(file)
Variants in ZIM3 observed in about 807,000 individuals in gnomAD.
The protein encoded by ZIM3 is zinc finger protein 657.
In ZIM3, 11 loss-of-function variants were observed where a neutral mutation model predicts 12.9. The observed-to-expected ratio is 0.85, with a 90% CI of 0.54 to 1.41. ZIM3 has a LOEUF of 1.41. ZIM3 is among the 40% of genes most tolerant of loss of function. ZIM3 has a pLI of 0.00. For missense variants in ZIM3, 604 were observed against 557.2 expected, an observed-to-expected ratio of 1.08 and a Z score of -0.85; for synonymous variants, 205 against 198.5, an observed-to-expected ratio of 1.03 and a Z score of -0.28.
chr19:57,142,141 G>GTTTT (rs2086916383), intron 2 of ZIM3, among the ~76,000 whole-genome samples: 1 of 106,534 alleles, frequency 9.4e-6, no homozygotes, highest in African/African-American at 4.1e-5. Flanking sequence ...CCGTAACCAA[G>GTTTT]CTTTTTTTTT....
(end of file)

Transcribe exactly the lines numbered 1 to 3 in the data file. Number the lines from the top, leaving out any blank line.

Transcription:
Variants in ZIM3 observed in about 807,000 individuals in gnomAD.
The protein encoded by ZIM3 is zinc finger protein 657.
In ZIM3, 11 loss-of-function variants were observed where a neutral mutation model predicts 12.9. The observed-to-expected ratio is 0.85, with a 90% CI of 0.54 to 1.41. ZIM3 has a LOEUF of 1.41. ZIM3 is among the 40% of genes most tolerant of loss of function. ZIM3 has a pLI of 0.00. For missense variants in ZIM3, 604 were observed against 557.2 expected, an observed-to-expected ratio of 1.08 and a Z score of -0.85; for synonymous variants, 205 against 198.5, an observed-to-expected ratio of 1.03 and a Z score of -0.28.